[Numpy-discussion] request for new array method: arr.abs()

Bill Baxter wbaxter at gmail.com
Wed Aug 23 18:12:31 CDT 2006


The thing that I find I keep forgetting is that abs() is a built-in, but
other simple functions are not.  So it's abs(foo), but numpy.floor(foo) and
numpy.ceil(foo).  And then there's round() which is a built-in but can't be
used with arrays, so numpy.round_(foo).    Seems like it would be more
consistent to just add a numpy.abs() and numpy.round().

But I guess there's nothing numpy can do about it...  you can't name a
method the same as a built-in function, right?  That's why we have
numpy.round_() instead of numpy.round(), no?
[...goes and checks]
Oh, you *can* name a module function the same as a built-in.  Hmm... so then
why isn't numpy.round_() just numpy.round()?  Is it just so "from numpy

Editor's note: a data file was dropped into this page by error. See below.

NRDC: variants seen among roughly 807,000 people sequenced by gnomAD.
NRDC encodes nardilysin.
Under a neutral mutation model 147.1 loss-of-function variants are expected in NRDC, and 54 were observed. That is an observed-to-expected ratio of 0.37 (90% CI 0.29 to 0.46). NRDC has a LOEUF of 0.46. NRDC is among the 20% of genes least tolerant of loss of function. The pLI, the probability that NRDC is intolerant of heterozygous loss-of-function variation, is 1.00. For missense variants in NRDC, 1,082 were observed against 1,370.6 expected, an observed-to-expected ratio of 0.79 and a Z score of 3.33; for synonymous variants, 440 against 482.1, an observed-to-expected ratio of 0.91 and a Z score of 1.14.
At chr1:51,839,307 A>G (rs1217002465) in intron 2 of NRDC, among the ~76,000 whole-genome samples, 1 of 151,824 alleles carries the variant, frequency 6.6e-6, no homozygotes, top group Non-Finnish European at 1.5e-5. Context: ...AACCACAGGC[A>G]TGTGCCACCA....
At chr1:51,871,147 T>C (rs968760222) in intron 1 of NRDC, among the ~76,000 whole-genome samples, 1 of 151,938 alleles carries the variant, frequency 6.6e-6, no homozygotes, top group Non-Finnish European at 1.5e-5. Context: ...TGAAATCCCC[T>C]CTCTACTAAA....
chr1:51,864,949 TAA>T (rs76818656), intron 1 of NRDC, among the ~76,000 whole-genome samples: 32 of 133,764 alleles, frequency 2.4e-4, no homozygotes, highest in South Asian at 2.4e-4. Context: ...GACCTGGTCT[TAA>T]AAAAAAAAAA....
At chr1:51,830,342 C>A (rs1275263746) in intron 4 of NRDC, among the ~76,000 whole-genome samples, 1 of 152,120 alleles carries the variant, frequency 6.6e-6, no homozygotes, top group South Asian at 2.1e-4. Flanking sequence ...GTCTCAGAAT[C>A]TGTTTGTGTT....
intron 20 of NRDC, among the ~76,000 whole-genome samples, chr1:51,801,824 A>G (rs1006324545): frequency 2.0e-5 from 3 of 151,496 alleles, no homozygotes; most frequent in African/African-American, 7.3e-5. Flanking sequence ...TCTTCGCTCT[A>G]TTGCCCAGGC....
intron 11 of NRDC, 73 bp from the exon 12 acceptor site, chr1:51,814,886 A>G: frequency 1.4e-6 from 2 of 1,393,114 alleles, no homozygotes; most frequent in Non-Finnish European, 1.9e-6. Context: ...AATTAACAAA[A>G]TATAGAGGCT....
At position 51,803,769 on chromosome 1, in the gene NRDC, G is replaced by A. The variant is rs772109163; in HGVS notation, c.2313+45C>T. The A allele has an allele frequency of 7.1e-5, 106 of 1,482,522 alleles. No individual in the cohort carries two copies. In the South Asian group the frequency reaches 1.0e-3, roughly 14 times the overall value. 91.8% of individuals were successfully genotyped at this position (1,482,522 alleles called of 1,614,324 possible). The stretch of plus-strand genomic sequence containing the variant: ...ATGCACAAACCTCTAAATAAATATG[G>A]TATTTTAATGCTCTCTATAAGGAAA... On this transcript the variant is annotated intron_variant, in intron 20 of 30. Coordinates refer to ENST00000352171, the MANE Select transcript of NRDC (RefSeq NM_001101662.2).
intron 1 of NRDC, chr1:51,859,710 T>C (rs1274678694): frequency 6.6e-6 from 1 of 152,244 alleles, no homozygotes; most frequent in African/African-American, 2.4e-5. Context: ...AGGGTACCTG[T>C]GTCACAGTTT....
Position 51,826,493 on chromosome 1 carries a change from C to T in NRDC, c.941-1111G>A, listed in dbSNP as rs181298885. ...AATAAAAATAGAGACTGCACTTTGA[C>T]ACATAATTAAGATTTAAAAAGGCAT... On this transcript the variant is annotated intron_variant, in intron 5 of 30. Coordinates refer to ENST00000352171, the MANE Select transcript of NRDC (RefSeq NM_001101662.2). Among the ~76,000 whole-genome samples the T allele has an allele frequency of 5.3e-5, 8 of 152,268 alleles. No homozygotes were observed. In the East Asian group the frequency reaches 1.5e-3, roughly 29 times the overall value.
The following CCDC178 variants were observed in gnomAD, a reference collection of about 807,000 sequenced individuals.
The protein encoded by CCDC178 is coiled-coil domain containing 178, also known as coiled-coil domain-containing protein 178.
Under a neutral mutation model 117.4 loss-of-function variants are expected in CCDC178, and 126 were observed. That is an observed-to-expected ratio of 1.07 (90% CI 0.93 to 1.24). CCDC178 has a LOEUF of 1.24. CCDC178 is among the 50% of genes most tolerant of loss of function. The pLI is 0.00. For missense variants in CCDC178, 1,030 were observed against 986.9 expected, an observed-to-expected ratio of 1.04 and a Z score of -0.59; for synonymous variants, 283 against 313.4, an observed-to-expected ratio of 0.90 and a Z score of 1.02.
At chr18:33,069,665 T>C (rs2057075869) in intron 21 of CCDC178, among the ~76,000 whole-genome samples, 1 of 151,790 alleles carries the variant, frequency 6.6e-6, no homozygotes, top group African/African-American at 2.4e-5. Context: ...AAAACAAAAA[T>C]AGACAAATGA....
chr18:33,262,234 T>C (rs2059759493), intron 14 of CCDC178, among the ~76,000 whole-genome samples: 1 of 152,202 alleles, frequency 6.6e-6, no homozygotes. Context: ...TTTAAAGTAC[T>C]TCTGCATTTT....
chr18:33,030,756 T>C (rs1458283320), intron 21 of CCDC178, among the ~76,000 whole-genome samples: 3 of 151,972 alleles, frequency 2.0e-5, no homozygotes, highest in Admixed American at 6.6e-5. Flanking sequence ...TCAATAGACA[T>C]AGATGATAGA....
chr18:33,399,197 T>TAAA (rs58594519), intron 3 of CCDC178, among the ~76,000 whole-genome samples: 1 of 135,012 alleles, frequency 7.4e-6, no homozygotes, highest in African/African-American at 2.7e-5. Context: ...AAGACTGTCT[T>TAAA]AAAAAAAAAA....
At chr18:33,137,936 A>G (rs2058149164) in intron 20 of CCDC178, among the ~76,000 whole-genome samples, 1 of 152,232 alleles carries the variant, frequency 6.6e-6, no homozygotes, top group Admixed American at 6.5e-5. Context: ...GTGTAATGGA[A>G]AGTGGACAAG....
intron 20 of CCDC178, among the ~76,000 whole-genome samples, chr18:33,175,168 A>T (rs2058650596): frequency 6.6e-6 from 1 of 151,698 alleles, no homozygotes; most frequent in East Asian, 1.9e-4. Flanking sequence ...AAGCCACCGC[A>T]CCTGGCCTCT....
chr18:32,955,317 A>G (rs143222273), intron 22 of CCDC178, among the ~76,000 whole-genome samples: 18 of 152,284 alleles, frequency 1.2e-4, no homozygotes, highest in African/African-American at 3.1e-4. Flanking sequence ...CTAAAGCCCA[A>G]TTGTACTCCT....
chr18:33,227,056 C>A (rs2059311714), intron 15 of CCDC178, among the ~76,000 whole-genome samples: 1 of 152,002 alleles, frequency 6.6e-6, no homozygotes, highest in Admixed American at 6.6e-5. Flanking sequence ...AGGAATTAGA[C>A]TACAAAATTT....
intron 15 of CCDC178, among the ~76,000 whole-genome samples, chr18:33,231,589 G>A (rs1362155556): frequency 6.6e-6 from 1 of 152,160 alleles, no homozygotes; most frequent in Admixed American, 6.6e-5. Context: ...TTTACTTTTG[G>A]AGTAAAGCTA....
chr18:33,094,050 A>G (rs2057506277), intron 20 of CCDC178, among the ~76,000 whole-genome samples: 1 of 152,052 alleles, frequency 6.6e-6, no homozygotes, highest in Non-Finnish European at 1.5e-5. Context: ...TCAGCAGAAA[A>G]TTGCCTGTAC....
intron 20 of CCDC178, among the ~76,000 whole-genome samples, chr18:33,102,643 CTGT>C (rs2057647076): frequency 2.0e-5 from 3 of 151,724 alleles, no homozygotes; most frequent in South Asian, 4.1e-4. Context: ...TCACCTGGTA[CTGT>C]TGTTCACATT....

import *" won't hide the built-in?

--bill

On 8/24/06, David M. Cooke <cookedm at physics.mcmaster.ca> wrote:
>
> On Wed, 23 Aug 2006 13:51:02 -0700
> Sebastian Haase <haase at msg.ucsf.edu> wrote:
>
> > Hi!
> > numpy renamed the *function* abs to absolute.
> > Most functions like mean, min, max, average, ...
> > have an equivalent array *method*.
> >
> > Why is absolute left out ?
> > I think it should be added .
>
> We've got __abs__ :-)
>
> > Furthermore, looking at some line  of code that have multiple calls to
> > absolute [ like f(absolute(a), absolute(b), absolute(c)) ]
> > I think "some people" might prefer less typing and less reading,
> > like f( a.abs(), b.abs(), c.abs() ).
>
> > One could even consider not requiring the "function call" parenthesis
> '()'
> > at all - but I don't know about further implications that might have.
>
> eh, no. things that return new arrays should be functions. (As opposed to
> views of existing arrays, like a.T)
>
> > PS: is there any performace hit in using the built-in abs function ?
>
> Shouldn't be: abs(x) looks for the x.__abs__() method (which arrays have).
>
>
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